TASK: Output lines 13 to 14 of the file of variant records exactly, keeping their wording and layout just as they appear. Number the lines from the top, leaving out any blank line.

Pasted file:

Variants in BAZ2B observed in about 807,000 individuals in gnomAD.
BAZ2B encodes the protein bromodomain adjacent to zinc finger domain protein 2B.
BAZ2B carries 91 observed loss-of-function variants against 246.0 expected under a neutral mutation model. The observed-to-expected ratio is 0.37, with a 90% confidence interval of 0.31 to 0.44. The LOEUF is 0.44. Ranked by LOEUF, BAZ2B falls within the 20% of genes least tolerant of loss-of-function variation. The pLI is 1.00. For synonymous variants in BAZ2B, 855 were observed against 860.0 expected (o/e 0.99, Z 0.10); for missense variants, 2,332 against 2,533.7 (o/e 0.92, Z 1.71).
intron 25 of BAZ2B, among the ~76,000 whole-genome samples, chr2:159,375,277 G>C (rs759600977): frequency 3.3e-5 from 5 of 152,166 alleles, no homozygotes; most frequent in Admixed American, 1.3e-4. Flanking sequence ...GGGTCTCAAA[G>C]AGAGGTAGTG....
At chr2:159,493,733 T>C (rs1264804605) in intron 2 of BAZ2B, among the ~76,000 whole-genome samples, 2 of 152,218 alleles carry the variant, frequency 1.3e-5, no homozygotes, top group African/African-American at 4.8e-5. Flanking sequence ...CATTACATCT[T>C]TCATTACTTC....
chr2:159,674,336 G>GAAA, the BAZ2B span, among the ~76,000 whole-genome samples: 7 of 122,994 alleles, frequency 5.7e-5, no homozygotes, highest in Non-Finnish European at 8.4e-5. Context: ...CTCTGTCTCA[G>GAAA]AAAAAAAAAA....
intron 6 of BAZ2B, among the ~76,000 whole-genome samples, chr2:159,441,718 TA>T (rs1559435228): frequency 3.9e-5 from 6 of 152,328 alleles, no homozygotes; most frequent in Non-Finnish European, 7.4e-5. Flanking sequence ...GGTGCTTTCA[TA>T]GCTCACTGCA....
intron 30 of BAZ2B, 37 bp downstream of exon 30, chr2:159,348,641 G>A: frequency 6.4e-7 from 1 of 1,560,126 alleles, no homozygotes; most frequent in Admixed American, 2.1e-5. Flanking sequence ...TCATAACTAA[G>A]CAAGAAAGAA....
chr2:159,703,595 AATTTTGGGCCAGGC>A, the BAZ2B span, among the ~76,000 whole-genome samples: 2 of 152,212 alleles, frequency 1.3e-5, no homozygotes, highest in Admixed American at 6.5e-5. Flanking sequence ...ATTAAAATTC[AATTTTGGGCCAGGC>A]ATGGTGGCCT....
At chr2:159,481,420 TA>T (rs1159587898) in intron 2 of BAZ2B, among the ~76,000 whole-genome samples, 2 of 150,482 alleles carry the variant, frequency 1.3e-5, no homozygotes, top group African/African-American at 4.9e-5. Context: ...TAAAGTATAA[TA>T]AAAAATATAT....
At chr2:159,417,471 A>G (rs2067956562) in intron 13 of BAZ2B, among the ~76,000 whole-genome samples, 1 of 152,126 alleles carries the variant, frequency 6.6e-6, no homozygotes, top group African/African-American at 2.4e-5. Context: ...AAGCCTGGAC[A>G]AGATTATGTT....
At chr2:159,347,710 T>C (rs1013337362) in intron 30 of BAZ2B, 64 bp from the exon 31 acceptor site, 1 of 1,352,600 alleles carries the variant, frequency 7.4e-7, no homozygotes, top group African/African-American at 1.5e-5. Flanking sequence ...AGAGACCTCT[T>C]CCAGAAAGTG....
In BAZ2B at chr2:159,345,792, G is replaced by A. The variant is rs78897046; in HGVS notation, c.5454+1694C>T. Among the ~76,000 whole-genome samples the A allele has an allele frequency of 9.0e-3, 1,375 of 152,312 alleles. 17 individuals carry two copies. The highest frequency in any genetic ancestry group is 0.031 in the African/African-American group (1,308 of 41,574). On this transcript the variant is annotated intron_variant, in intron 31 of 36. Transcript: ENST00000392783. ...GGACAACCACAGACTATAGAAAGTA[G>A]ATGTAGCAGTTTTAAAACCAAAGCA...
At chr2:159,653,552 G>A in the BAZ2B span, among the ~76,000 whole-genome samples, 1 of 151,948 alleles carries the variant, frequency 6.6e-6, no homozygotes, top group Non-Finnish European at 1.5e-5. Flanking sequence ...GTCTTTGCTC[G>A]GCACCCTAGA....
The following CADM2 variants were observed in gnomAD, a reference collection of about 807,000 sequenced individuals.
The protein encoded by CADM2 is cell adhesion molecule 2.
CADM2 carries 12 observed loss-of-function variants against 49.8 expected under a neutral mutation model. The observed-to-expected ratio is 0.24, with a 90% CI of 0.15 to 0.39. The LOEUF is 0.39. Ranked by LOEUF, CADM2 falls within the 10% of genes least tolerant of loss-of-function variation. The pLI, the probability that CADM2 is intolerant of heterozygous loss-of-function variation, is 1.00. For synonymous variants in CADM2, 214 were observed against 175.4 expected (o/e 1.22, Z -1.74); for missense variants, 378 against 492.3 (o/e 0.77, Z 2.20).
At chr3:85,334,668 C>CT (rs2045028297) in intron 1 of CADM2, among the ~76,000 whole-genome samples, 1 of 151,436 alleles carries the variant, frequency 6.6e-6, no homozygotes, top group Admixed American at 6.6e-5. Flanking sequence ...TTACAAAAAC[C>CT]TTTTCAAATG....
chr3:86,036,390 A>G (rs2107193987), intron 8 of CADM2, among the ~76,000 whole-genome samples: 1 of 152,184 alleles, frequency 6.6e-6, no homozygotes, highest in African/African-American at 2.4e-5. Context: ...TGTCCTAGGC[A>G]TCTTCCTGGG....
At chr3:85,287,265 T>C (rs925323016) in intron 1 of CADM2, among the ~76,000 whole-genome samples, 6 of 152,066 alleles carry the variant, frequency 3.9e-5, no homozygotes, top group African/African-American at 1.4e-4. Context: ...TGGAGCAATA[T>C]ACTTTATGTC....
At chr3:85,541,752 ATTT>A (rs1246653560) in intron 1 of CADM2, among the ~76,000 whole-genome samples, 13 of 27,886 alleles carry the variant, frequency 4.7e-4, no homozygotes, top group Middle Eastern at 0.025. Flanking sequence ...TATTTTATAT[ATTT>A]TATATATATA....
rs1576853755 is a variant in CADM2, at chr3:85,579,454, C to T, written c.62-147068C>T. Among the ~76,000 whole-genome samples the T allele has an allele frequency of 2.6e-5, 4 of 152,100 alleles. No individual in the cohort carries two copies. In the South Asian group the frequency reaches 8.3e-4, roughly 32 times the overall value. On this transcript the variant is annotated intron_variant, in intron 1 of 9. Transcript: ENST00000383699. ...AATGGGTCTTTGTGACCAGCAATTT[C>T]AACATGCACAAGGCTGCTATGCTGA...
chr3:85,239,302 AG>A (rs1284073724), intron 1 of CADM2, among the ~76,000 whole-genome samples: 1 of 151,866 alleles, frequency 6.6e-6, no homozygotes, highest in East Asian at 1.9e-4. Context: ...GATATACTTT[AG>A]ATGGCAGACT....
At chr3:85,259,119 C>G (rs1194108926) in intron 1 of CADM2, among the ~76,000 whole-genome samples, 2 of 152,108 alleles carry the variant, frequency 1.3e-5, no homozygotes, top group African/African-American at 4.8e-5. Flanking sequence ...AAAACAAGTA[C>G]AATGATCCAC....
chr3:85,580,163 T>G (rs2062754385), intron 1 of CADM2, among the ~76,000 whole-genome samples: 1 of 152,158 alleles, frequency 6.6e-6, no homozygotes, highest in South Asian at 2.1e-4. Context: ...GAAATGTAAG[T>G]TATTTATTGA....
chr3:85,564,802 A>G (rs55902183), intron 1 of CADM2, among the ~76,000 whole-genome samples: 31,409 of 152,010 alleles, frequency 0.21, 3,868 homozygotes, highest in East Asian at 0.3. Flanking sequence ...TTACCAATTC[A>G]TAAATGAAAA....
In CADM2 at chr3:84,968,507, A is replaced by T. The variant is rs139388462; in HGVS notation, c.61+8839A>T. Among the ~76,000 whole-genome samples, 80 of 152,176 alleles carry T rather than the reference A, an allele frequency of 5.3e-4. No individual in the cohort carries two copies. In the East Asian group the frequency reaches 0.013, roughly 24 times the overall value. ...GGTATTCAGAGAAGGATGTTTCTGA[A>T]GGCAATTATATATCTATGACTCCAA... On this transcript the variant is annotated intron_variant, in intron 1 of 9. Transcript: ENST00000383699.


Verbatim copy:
In BAZ2B at chr2:159,345,792, G is replaced by A. The variant is rs78897046; in HGVS notation, c.5454+1694C>T. Among the ~76,000 whole-genome samples the A allele has an allele frequency of 9.0e-3, 1,375 of 152,312 alleles. 17 individuals carry two copies. The highest frequency in any genetic ancestry group is 0.031 in the African/African-American group (1,308 of 41,574). On this transcript the variant is annotated intron_variant, in intron 31 of 36. Transcript: ENST00000392783. ...GGACAACCACAGACTATAGAAAGTA[G>A]ATGTAGCAGTTTTAAAACCAAAGCA...
At chr2:159,653,552 G>A in the BAZ2B span, among the ~76,000 whole-genome samples, 1 of 151,948 alleles carries the variant, frequency 6.6e-6, no homozygotes, top group Non-Finnish European at 1.5e-5. Flanking sequence ...GTCTTTGCTC[G>A]GCACCCTAGA....